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The guys from Site Tuners forgot about Economics

While doing my daily research about new products and services related to search engine marketing (SEM) or search engine optimization (SEO), I stumbled with a white paper from Site Tuners that is outrageously incorrect.

The product is called PriceTuning and they claim to: Establishing the profit-optimal price for a product or service. They supposedly do this by testing various price-points and getting the highest price you can charge your product or service according to the revenue per visitor, and here is the fallacy.

First of all what they are measuring is the Maximum Willingness to Pay for the customer, not the optimal price point. Why? The maximum willingness to pay is the highest price a customer agrese to pay for a product or service whereas the optimal price-point would be defined as the price that maximizes your profits of the business.

But, if I sell always at the maximum price wouldn’t I be maximizing my total profit? Well, not necessarily, and here is where the Site Tuners guys trip.

There is something in economics called price elasticity of demand that measures the nature and percentage of the relationship between changes in quantity demanded of a good and changes in its price. Uh? In simple words it measures how many units more or less are sold when a price change occurs.

I think is better if I explain it with an example, and I will use Site Tuners exhibit to illustrate it:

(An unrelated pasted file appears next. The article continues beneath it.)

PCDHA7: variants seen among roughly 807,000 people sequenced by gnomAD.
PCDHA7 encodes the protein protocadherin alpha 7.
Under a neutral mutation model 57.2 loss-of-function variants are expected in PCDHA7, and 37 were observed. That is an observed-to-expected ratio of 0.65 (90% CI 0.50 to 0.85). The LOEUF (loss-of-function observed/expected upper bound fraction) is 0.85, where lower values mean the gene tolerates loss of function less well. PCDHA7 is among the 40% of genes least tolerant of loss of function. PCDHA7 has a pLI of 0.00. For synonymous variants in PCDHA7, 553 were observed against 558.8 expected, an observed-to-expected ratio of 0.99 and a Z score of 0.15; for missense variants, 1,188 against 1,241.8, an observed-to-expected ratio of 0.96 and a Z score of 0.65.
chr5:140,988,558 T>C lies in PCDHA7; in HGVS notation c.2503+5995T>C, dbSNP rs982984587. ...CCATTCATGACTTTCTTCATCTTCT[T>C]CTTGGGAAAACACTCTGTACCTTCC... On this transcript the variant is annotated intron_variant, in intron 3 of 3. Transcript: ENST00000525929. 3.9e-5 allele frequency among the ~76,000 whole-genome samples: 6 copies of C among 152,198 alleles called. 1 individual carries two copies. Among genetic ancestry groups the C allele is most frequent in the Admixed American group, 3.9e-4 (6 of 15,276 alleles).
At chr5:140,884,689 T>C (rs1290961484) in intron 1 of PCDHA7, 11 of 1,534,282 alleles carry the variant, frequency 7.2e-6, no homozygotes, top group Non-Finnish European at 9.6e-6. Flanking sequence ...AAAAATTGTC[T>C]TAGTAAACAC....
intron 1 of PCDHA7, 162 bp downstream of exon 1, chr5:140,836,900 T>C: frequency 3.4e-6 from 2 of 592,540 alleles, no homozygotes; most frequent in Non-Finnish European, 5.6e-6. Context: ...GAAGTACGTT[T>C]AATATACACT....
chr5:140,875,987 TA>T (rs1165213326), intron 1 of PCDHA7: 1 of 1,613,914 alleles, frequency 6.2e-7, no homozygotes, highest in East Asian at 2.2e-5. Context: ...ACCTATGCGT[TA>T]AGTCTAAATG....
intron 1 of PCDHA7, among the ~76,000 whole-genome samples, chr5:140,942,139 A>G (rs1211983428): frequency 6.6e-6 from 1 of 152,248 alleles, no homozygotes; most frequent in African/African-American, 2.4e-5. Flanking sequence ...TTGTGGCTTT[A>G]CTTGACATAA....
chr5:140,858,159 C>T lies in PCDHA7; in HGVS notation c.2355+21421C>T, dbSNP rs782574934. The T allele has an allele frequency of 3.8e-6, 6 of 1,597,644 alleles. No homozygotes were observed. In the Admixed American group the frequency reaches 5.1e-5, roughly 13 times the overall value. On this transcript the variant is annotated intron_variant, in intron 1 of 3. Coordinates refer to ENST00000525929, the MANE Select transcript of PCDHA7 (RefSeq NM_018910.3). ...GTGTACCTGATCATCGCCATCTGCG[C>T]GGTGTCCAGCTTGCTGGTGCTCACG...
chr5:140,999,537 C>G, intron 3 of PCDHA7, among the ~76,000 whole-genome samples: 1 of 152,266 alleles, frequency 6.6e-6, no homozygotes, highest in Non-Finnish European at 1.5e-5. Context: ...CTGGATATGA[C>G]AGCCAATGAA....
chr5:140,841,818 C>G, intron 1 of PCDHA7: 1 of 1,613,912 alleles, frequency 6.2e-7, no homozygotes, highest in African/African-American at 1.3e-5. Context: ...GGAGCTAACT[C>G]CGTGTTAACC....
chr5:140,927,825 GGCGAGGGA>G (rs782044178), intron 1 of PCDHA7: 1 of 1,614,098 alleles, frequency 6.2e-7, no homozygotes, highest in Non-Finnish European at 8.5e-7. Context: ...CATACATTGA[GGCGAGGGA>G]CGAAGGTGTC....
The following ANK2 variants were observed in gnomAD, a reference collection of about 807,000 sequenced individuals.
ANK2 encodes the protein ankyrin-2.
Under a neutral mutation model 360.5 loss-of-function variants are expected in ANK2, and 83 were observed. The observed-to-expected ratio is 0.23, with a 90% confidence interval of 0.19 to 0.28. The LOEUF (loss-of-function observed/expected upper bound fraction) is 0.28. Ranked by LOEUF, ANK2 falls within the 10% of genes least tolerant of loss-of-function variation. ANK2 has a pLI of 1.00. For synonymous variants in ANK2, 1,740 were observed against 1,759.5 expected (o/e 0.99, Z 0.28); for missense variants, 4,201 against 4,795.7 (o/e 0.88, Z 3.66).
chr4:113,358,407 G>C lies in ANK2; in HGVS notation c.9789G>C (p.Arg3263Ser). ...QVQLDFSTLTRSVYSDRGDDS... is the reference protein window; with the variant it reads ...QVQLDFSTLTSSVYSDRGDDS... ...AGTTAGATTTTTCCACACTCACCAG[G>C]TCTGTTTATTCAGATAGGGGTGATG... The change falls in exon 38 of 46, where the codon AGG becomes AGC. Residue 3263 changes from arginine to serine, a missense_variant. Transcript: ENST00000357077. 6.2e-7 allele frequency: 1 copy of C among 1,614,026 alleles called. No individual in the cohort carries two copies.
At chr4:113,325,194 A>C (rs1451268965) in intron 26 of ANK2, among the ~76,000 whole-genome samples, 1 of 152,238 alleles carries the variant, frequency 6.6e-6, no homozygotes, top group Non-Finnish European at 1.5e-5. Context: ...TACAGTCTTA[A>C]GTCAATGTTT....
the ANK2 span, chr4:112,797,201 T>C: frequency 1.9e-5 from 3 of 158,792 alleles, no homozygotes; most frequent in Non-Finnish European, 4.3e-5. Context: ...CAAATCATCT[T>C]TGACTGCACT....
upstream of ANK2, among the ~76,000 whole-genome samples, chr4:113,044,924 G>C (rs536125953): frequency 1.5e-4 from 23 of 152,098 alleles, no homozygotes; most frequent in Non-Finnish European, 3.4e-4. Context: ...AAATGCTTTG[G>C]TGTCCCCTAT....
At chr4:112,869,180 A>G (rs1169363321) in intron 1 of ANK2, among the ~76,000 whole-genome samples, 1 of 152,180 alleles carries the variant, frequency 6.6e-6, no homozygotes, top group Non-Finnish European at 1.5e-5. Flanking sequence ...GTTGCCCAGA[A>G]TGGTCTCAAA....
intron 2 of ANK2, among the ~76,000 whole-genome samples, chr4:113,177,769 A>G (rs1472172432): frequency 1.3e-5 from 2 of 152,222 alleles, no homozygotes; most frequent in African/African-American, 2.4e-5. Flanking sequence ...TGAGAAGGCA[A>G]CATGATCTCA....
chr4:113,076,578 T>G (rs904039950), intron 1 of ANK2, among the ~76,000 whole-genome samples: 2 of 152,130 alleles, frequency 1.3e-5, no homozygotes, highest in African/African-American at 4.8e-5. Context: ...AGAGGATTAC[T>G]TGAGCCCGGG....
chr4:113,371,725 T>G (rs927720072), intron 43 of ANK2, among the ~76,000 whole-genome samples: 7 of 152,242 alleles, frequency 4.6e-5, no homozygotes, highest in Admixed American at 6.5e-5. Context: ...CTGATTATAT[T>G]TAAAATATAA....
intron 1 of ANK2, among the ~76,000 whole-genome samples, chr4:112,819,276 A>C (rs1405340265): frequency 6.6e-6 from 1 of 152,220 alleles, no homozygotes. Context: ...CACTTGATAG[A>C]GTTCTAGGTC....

Site Tuners Error
This image was taken from the Whitepaper ProfitTuner from SiteTuners.com

You are selling a product and the price may range from $20 to $50, then you go to Site Tuners and they tell you the optimal price is $47 (according to their graph, because is the maximum point of the curve) and this price will give you the maximum profit from each visitor. This would be the optimal price only if your demand is perfectly inelastic. However, the optimal price should be linked to the quantity of sales you make. That is, if you charge the $47 you may have only 50 clients while you could be selling at $33 and getting 300 customers.

This analysis is done assuming there are no incremental costs if you produce more or less pieces of the product, circumstances that change the profit curve (but don’t worry, site tunes didn’t take this into account)

So, if you are using PriceTunning, review your total profits, you may be leaving money on the table, and please be careful on who you trust your pricing strategies. In addition, Site Tuners, please don’t call optimal something that is only half true, that could come back to you in the future as half number of clients maybe.